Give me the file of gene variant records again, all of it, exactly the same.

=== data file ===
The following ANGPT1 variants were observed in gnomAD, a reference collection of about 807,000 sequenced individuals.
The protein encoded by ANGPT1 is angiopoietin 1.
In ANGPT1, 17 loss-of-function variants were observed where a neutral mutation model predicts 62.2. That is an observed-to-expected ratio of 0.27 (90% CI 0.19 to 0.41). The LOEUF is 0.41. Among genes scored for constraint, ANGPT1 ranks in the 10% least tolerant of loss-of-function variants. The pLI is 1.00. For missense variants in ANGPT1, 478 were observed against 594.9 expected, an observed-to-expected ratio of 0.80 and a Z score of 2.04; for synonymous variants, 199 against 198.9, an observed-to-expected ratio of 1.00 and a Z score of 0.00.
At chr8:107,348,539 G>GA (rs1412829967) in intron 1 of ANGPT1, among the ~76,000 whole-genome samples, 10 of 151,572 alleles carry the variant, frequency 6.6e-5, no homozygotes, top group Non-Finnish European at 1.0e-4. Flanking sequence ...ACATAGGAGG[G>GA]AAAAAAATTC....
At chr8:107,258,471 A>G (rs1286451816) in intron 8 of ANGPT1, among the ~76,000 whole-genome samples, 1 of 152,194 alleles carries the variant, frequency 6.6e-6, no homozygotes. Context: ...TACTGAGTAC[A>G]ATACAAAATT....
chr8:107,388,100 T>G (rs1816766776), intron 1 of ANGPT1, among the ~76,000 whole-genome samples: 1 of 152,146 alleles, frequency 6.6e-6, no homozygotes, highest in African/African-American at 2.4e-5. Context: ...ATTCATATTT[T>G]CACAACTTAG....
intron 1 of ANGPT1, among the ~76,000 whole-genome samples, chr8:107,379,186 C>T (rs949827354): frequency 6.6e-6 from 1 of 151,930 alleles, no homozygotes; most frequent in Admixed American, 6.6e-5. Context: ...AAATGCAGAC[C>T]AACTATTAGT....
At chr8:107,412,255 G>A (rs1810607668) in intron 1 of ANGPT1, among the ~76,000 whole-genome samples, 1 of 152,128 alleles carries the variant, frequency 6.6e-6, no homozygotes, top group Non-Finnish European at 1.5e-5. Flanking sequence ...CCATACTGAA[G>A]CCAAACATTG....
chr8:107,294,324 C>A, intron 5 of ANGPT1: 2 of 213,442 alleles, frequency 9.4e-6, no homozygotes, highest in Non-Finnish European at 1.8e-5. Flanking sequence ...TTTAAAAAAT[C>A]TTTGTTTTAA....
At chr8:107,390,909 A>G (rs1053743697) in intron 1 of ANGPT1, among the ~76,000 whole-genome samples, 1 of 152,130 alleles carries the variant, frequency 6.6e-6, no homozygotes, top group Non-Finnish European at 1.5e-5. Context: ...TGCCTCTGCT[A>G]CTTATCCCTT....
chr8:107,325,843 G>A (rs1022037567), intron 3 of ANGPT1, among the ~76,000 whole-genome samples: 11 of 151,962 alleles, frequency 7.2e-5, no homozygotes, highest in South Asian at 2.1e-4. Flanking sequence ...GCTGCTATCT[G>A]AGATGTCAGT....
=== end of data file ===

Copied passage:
The following ANGPT1 variants were observed in gnomAD, a reference collection of about 807,000 sequenced individuals.
The protein encoded by ANGPT1 is angiopoietin 1.
In ANGPT1, 17 loss-of-function variants were observed where a neutral mutation model predicts 62.2. That is an observed-to-expected ratio of 0.27 (90% CI 0.19 to 0.41). The LOEUF is 0.41. Among genes scored for constraint, ANGPT1 ranks in the 10% least tolerant of loss-of-function variants. The pLI is 1.00. For missense variants in ANGPT1, 478 were observed against 594.9 expected, an observed-to-expected ratio of 0.80 and a Z score of 2.04; for synonymous variants, 199 against 198.9, an observed-to-expected ratio of 1.00 and a Z score of 0.00.
At chr8:107,348,539 G>GA (rs1412829967) in intron 1 of ANGPT1, among the ~76,000 whole-genome samples, 10 of 151,572 alleles carry the variant, frequency 6.6e-5, no homozygotes, top group Non-Finnish European at 1.0e-4. Flanking sequence ...ACATAGGAGG[G>GA]AAAAAAATTC....
At chr8:107,258,471 A>G (rs1286451816) in intron 8 of ANGPT1, among the ~76,000 whole-genome samples, 1 of 152,194 alleles carries the variant, frequency 6.6e-6, no homozygotes. Context: ...TACTGAGTAC[A>G]ATACAAAATT....
chr8:107,388,100 T>G (rs1816766776), intron 1 of ANGPT1, among the ~76,000 whole-genome samples: 1 of 152,146 alleles, frequency 6.6e-6, no homozygotes, highest in African/African-American at 2.4e-5. Context: ...ATTCATATTT[T>G]CACAACTTAG....
intron 1 of ANGPT1, among the ~76,000 whole-genome samples, chr8:107,379,186 C>T (rs949827354): frequency 6.6e-6 from 1 of 151,930 alleles, no homozygotes; most frequent in Admixed American, 6.6e-5. Context: ...AAATGCAGAC[C>T]AACTATTAGT....
At chr8:107,412,255 G>A (rs1810607668) in intron 1 of ANGPT1, among the ~76,000 whole-genome samples, 1 of 152,128 alleles carries the variant, frequency 6.6e-6, no homozygotes, top group Non-Finnish European at 1.5e-5. Flanking sequence ...CCATACTGAA[G>A]CCAAACATTG....
chr8:107,294,324 C>A, intron 5 of ANGPT1: 2 of 213,442 alleles, frequency 9.4e-6, no homozygotes, highest in Non-Finnish European at 1.8e-5. Flanking sequence ...TTTAAAAAAT[C>A]TTTGTTTTAA....
At chr8:107,390,909 A>G (rs1053743697) in intron 1 of ANGPT1, among the ~76,000 whole-genome samples, 1 of 152,130 alleles carries the variant, frequency 6.6e-6, no homozygotes, top group Non-Finnish European at 1.5e-5. Context: ...TGCCTCTGCT[A>G]CTTATCCCTT....
chr8:107,325,843 G>A (rs1022037567), intron 3 of ANGPT1, among the ~76,000 whole-genome samples: 11 of 151,962 alleles, frequency 7.2e-5, no homozygotes, highest in South Asian at 2.1e-4. Flanking sequence ...GCTGCTATCT[G>A]AGATGTCAGT....